Living here in the Pacific Northwest during the spring and the first part of summer we are blessed with God’s sprinkler system: drizzle. (We don’t know what a truly hard rain is in Washington; we just get a continuous stream of drizzle which contributes to all of the loverly green we have most of the year.) So if you’ve ever planted seeds or transplanted little seedlings here, there is virtually no need to water at first. This is good AND bad. Nice that we save on our water bill for a while, but I learned a lesson the hard way last year.
Last year was our first real attempt at having a vegetable garden. We grew tomatoes, corn, broccoli, and cauliflower from starts along with planting radishes and lettuce from seed. It was fun to have our garden, and the kids loved it! We were able to harvest everything but two things. We don’t know what happened to the cauliflower, but us not eating the broccoli was all my fault. We definitely learned a lot, but the biggest lesson I learned last year was that I need to look at the garden, and look at it DAILY. Not weekly, not every three days, and not just when I think about it, but daily.
Not only do we need to look at the garden daily to see if we are having any slug or bug issues, but we need to see if the produce is ready to be harvested. Last year this is exactly why we totally missed out on eating broccoli. I had bought some broccoli plants, planted them, and about a month and a half later they were nearly ready to be harvested. Then Jonathan went on a short trip for a few days, so I thought I would wait to harvest them until he got home. Ha! Bad idea! If broccoli is ready to be harvested, don’t wait! I let it go an extra three days or so, and it started flowering big time. Learn from my mistakes!
This year our friend Jay introduced us to Back to Eden gardening, so we added wood chips and are experimenting this year with gardening without water or weeds. So below is a picture of our prepared area. I will let you know the progress and see how much we actually need to water or weed this year.
Also new this year: I am trying to grow potatoes in some containers. In early April I took some potatoes that had sprouted from the ones I had bought. By the way, conventionally grown potatoes take longer to sprout because they are sprayed with a chemical to prevent/slow down the sprouting process. So I bought a couple of bags of organic potatoes, and in both instances I had little sprouts in less than two weeks.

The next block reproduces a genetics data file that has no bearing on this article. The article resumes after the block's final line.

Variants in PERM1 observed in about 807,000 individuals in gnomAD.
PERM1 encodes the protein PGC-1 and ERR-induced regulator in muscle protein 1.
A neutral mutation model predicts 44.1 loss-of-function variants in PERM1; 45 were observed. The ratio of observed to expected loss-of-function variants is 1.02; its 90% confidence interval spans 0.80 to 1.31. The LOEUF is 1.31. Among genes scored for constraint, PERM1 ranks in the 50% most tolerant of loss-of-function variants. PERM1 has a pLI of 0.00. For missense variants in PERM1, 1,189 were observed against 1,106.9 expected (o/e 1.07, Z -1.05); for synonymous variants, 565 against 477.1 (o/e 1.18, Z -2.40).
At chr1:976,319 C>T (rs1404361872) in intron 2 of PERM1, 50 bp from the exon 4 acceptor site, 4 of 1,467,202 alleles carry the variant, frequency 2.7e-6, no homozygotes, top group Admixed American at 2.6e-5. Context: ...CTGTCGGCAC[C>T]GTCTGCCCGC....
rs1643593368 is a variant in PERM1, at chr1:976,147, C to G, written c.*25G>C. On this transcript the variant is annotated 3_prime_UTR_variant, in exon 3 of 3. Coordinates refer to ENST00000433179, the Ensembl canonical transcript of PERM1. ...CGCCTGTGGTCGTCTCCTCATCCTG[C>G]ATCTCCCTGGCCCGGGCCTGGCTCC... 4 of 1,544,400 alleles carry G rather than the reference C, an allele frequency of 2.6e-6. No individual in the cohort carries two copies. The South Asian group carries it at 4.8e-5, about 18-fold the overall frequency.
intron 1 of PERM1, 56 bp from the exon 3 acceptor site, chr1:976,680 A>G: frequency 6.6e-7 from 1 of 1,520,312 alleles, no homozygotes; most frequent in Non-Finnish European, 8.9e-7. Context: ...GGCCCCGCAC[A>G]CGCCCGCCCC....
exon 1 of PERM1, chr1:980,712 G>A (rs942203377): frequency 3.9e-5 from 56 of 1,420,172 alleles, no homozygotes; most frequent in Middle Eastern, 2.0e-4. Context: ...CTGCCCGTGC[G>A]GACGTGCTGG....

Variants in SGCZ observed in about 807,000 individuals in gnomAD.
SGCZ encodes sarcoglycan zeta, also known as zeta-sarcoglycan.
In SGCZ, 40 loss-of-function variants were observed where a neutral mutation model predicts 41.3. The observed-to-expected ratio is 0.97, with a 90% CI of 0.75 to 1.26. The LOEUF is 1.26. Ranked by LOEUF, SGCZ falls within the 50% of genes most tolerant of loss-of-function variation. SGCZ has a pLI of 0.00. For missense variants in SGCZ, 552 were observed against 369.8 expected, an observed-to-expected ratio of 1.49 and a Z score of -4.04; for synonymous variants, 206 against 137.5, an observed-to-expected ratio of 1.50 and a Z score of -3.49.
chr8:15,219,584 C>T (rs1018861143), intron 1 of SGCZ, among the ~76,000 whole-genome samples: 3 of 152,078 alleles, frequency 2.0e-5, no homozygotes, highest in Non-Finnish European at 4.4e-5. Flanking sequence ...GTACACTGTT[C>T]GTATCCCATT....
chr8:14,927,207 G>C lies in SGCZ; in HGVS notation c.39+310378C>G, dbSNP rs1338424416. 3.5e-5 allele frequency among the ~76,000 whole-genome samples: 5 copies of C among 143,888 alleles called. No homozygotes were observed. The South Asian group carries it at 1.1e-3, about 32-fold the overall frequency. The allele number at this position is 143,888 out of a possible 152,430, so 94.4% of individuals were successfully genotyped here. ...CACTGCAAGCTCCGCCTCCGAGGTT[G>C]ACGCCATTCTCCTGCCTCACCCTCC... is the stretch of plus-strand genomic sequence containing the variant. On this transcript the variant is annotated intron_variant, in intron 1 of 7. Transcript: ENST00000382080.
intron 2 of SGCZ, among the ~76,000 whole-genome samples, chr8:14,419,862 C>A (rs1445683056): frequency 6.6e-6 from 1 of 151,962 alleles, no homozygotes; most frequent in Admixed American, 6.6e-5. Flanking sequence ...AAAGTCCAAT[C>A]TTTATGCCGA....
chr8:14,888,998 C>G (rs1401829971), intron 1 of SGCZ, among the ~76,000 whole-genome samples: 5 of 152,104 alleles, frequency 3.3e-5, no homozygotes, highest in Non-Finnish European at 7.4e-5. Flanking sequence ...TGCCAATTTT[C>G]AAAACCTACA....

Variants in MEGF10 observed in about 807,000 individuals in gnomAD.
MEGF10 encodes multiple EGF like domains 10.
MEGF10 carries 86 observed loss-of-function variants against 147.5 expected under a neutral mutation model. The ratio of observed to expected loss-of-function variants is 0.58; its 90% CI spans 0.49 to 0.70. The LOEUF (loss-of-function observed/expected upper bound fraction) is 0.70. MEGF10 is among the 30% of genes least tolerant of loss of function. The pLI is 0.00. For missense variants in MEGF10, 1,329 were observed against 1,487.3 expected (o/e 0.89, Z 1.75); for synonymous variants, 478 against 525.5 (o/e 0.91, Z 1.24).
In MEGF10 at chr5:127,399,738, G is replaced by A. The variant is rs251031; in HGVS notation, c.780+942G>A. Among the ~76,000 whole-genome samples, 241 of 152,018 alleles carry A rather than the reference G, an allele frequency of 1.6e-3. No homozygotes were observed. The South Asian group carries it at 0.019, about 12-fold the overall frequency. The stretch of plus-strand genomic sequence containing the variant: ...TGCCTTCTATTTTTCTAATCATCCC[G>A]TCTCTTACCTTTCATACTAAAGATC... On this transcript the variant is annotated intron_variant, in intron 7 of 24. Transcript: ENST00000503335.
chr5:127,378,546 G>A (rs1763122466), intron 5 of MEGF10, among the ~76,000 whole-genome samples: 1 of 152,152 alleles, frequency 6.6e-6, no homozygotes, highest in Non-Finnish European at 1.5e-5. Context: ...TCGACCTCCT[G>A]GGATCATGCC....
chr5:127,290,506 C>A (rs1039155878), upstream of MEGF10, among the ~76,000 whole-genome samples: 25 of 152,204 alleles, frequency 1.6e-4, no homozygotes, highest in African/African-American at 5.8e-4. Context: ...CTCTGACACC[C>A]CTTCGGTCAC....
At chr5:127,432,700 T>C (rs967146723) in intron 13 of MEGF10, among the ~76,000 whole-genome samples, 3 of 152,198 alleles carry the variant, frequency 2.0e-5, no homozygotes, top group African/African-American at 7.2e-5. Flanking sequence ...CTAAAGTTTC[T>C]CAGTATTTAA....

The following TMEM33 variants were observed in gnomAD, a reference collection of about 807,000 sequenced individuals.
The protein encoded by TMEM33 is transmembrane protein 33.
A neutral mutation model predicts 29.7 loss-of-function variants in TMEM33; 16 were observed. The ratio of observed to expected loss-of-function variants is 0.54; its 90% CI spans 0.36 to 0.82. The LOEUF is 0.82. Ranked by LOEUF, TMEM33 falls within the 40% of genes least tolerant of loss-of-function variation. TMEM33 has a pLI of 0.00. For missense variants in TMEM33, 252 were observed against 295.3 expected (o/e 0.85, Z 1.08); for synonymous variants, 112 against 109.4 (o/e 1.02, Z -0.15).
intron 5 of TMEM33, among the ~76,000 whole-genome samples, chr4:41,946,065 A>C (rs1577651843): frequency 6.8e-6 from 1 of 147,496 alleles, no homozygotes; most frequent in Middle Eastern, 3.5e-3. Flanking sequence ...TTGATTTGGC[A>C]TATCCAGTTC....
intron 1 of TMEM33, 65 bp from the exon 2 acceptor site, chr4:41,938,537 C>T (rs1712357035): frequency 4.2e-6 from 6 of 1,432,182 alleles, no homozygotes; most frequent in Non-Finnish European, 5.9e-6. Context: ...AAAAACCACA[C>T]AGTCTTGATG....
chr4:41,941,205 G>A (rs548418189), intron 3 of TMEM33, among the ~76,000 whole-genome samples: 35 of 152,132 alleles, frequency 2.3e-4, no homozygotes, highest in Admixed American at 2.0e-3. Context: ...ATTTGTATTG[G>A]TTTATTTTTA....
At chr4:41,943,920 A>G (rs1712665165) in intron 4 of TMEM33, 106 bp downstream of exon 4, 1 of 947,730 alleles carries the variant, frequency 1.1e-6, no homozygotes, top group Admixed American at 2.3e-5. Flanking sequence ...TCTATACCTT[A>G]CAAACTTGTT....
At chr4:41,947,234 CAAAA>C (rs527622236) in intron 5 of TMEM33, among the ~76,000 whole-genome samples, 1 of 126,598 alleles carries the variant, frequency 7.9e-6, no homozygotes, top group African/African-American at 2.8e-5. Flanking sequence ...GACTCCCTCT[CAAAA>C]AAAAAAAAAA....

My kids said a couple of weeks ago that the potatoes were growing. I thought they were talking about the ones I had just planted earlier that week (Mid-May), and thought, “Yeah, right.” I didn’t know that they were talking about the ones I planted at the beginning of April. I was thrilled at what I found pictured here below!
Now I have got to “hill” them. All I’ve learned about growing potatoes is here if you are interested in learning more.
This year we planted lettuce in some containers at the end of February since it’s a cool weather crop. At the end of March I almost gave up on them, and then I saw some little sprouts. The plants are still pretty teeny tiny right now. I thinned them since the back of the package says to thin them to one plant every 2 inches. I didn’t have the heart to throw the extra starts away, so I planted them in our wood chip area. In the almost two weeks of being planted, the transplants didn’t wilt or anything, but the slugs and snails thought Thanksgiving had come early, so yeah, they’re gone. We’re thinking of having Jonathan lay some copper around the bed to keep the slimy critters away.
Mistake number two I made was not to thin my seedlings when appropriate. I had a hard time last year thinning the lettuce. I was so excited that the seeds actually came to some kind of fruition, that the lettuce plants crowded each other. I couldn’t bring myself to pull some of them out. I think the result was a smaller lettuce plant and a smaller root system, which I think caused them to fry when they got too hot. The lettuce could have had a way longer growing season.
Right after Mother’s day we planted five small tomato plants. We also planted spinach, onions, and cauliflower from seed.
So my two tips for the beginning vegetable gardener:
- Look at your garden DAILY!
- Thin the seedlings when appropriate.
Yes, we are growing a wee bit of our own food to help save some money, and, Lord willing, we will harvest some organic vegetables. But there is a bigger blessing in all of this. By growing plants from seeds we also see in practice a lesson of God bringing new life through something that was dead, as our pastor has been talking about in church. A seed has to die before it can bring forth new life: “Truly, truly, I say to you, unless a grain of wheat falls into the earth and dies, it remains alone; but if it dies, it bears much fruit” (John 12:24). In this we see the perfect picture that when we die to self, we help bring life. When we die to self, put aside our desires and serve our families with our time, strength, energy and patience, we put others before ourselves, and we help bring life. May we all have life abundant and life in the garden, too!
What are you growing this year? How does your garden grow?
Have you read? Gardening without Water or Weeds
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